A Dolphin Tale movie prop exhibit currently housed in the city's Harborview Center would be folded into the new location, said Frank Dame, the aquarium's executive vice president.
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Is it prudent to bet this big on a dolphin?
Winter is 7 years old, and dolphins can live for 50 years, Dame said.
David Yates, the aquarium's CEO, says Dolphin Tale draws visitors to Winter's home because the film is so closely tied to a real location. The name "Clearwater" is mentioned or shown several times in the movie.
One might assume that tourism generated by the film would begin to drop off after the movie left theaters. But Yates says it will have a long "afterlife" on DVDs, HBO, and later on the ABC Family network, ensuring that families will have many chances to be exposed to Winter's story. Several books also have been written about Winter. Wounded veterans and disabled children have also turned Winter's home into a place of inspiration.
Opened in the 1970s in what was once a sewage treatment plant, the current small aquarium has at times struggled to handle the overflow crowds generated by Dolphin Tale. The aquarium was 52,000 square feet before current construction projects that will expand it to 83,000.
Attendance has roughly quadrupled since the movie's release, with about 750,000 visitors last year to the aquarium and its movie prop exhibit. That's more than the Florida Aquarium, which reported 650,000 visitors last year.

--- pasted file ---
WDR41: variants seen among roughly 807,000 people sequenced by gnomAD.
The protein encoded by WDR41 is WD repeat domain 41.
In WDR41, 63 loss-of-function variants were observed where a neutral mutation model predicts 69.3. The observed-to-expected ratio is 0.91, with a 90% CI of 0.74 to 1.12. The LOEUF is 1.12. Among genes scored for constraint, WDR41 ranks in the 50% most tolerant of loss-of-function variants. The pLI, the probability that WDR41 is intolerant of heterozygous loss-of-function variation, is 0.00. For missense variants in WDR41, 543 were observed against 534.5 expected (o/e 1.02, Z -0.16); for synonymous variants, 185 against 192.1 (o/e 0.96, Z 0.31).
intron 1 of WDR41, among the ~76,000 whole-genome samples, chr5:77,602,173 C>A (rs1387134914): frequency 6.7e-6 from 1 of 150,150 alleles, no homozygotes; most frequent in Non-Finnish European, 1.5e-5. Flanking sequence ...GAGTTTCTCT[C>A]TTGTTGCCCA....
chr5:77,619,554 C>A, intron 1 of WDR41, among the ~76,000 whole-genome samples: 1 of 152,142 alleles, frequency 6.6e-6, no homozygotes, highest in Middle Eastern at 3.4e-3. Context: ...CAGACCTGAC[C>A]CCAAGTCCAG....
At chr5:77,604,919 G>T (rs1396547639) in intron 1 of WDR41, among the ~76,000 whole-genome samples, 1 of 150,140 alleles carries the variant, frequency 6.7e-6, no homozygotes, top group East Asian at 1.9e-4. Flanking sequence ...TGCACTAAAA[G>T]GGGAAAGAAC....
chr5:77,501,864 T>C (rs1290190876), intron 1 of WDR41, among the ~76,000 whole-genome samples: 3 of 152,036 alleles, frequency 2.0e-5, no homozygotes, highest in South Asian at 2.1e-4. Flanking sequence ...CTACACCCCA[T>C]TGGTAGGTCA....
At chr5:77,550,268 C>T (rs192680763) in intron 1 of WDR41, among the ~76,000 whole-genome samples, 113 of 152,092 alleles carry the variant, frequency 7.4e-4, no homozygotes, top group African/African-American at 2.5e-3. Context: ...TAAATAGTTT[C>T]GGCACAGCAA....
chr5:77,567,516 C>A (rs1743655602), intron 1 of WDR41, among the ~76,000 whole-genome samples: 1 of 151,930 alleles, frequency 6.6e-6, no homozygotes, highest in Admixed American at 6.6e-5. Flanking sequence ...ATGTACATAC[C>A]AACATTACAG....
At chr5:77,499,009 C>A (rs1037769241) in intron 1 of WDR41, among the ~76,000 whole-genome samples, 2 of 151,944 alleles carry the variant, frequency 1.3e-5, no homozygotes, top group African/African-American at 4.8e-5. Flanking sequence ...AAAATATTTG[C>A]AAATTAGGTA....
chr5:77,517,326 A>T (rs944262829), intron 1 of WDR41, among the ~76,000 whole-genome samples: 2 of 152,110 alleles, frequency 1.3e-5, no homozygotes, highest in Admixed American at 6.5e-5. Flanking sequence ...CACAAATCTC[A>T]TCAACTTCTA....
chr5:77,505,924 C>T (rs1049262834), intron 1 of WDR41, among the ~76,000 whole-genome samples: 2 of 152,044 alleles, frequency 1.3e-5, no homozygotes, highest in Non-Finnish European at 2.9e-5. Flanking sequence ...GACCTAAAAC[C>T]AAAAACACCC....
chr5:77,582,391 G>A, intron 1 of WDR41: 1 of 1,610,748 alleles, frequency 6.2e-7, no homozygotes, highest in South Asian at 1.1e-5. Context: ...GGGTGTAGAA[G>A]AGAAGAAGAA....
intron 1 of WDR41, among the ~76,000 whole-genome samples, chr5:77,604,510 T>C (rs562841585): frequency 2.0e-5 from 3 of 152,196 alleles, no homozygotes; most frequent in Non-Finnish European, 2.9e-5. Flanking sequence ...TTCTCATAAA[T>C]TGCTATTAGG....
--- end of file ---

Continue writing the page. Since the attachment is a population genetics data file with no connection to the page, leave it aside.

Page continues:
Clearwater officials expressed confidence that Clearwater's aquarium could survive competition from Tampa's aquarium because Clearwater's aquarium will draw beach visitors and because it has a bonafide star in Winter. Florida Aquarium officials had no comment Thursday.
To help make its vision a reality, the Clearwater aquarium has hired a fundraising consultant. It will need to raise millions from donors and corporations, as well as from the city, county, state and federal governments.
To cover the $160 million cost, the aquarium also anticipates spending $15 to $20 million from its own bank account, and getting $60 to $80 million through bank financing.
If a referendum passes and sufficient money is raised, construction on the new facility would begin in spring 2015 and finish in spring 2017, Dame said.
Getting the deal approved in a voter referendum is no guarantee. In 2000, Clearwater voters rejected a $200 million plan that would have transformed the downtown waterfront. They rejected a less ambitious proposal in 2004. But in 2007, they approved the construction of a downtown marina.
The two earlier referendums got resounding "no" votes because voters feared impacts to city-owned Coachman Park, a sprawling green space that is home to the annual Clearwater Jazz Holiday and is considered premium waterfront property. It remains to be seen if the City Hall site would engender similar opposition.
The presentation that aquarium officials will make to the City Council shows an optional proposal for changes at Coachman Park, but that will not be a part of the referendum and officials said they offered it just to demonstrate how the downtown waterfront could be redesigned.
Clearwater Beach activist Anne Garris, who helped torpedo two of the previous downtown referendums, said Thursday that she's mostly concerned that no buildings be added to Coachman Park. The park concept doesn't call for that. An aquarium supporter, Garris nevertheless wonders how much the plan would cost taxpayers.
Mike Brassfield can be reached at email@example.com or (727) 445-4151.